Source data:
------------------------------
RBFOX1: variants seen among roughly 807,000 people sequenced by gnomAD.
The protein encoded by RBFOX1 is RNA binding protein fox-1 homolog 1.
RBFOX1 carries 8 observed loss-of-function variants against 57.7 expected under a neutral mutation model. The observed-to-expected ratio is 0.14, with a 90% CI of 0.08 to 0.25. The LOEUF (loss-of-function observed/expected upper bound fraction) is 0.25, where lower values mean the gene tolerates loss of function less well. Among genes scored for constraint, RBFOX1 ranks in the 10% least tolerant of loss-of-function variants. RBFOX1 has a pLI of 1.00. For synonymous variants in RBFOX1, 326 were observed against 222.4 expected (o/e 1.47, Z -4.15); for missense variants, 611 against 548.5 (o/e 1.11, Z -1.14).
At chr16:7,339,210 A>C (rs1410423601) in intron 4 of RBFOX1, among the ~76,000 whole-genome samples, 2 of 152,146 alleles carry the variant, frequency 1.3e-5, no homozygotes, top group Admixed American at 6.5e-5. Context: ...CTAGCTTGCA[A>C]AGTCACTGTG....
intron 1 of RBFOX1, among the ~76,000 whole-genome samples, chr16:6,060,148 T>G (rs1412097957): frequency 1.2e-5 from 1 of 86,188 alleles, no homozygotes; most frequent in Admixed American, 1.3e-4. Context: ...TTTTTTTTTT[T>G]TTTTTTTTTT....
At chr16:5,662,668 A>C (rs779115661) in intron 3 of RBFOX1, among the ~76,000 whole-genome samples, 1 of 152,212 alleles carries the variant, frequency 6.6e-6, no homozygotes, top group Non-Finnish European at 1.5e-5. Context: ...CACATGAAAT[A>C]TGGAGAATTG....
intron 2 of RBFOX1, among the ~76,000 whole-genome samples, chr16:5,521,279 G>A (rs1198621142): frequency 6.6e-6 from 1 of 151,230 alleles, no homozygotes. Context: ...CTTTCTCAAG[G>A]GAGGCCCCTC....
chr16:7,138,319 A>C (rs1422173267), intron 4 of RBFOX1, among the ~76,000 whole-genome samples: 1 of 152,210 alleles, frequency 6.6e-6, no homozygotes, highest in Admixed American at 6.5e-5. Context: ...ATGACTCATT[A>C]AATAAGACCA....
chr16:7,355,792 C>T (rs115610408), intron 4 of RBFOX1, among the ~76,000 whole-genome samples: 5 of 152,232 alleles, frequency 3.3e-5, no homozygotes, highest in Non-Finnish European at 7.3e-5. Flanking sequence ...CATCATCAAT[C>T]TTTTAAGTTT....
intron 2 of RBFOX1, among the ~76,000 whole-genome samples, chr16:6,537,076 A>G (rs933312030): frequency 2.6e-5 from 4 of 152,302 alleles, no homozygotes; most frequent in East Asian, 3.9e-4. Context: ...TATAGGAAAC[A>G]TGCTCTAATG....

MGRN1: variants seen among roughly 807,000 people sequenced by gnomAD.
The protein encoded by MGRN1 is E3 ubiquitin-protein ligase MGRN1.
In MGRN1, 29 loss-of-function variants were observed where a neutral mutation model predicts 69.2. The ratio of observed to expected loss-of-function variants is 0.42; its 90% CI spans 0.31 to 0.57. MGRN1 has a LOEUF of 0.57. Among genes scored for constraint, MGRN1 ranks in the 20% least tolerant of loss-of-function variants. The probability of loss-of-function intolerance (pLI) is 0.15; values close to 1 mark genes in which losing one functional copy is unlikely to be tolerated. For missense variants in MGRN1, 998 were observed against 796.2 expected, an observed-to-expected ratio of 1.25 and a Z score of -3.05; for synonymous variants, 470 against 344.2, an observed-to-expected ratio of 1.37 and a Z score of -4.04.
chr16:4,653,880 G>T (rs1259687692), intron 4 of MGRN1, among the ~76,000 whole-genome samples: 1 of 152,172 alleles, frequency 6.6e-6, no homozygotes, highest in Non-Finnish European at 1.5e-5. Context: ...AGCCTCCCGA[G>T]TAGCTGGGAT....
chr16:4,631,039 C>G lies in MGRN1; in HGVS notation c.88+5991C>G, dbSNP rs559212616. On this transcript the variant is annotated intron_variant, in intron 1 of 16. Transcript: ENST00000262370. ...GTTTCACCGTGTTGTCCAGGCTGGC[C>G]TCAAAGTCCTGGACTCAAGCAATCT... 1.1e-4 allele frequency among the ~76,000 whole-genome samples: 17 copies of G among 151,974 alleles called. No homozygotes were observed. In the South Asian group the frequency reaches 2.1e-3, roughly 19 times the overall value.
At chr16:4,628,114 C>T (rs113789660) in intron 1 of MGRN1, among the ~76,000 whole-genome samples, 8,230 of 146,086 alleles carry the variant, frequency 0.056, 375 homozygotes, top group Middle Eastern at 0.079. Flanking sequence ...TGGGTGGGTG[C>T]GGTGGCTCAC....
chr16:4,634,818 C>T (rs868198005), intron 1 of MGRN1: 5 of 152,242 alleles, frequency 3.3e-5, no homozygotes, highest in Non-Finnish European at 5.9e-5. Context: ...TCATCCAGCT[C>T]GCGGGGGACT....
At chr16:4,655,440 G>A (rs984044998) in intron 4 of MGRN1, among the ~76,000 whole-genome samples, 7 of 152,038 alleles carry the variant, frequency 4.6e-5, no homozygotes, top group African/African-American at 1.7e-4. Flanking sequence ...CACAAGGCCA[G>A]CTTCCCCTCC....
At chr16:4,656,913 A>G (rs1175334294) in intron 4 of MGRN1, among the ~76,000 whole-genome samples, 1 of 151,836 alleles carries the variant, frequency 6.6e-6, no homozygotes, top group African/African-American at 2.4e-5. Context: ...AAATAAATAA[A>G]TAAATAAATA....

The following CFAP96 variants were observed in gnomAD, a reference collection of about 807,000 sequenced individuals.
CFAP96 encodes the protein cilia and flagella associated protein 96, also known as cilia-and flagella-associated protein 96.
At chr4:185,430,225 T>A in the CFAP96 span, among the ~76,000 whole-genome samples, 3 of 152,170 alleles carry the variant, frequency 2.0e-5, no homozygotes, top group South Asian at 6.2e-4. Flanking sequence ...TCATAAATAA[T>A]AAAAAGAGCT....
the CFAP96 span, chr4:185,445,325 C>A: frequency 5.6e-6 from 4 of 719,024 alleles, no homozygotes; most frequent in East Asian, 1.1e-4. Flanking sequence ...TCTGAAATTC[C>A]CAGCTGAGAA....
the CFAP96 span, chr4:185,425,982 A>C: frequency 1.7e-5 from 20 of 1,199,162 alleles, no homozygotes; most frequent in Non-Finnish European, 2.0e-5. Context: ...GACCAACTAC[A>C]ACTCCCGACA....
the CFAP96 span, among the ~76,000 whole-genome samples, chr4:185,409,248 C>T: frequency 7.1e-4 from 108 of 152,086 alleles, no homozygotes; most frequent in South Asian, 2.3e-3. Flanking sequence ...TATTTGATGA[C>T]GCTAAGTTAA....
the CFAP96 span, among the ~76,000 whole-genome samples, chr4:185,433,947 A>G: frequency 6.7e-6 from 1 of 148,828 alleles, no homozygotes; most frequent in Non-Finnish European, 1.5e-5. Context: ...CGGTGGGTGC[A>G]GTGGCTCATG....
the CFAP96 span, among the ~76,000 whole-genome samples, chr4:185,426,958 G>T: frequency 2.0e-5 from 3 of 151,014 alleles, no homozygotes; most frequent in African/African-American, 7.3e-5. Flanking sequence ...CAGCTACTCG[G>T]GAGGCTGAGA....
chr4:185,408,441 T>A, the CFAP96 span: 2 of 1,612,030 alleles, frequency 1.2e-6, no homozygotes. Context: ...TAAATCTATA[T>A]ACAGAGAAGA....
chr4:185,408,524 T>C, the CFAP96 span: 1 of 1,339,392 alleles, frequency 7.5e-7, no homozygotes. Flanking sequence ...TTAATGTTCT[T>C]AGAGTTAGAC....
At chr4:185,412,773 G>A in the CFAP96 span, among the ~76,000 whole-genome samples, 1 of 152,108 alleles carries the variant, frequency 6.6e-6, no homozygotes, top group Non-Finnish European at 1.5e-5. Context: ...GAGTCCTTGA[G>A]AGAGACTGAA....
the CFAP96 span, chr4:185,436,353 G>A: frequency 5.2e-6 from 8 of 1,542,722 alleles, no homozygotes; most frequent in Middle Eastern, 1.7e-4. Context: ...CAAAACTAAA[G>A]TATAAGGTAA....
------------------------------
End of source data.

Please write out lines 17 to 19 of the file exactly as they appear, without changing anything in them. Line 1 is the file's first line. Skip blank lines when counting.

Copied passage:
chr16:4,634,818 C>T (rs868198005), intron 1 of MGRN1: 5 of 152,242 alleles, frequency 3.3e-5, no homozygotes, highest in Non-Finnish European at 5.9e-5. Context: ...TCATCCAGCT[C>T]GCGGGGGACT....
At chr16:4,655,440 G>A (rs984044998) in intron 4 of MGRN1, among the ~76,000 whole-genome samples, 7 of 152,038 alleles carry the variant, frequency 4.6e-5, no homozygotes, top group African/African-American at 1.7e-4. Flanking sequence ...CACAAGGCCA[G>A]CTTCCCCTCC....
At chr16:4,656,913 A>G (rs1175334294) in intron 4 of MGRN1, among the ~76,000 whole-genome samples, 1 of 151,836 alleles carries the variant, frequency 6.6e-6, no homozygotes, top group African/African-American at 2.4e-5. Context: ...AAATAAATAA[A>G]TAAATAAATA....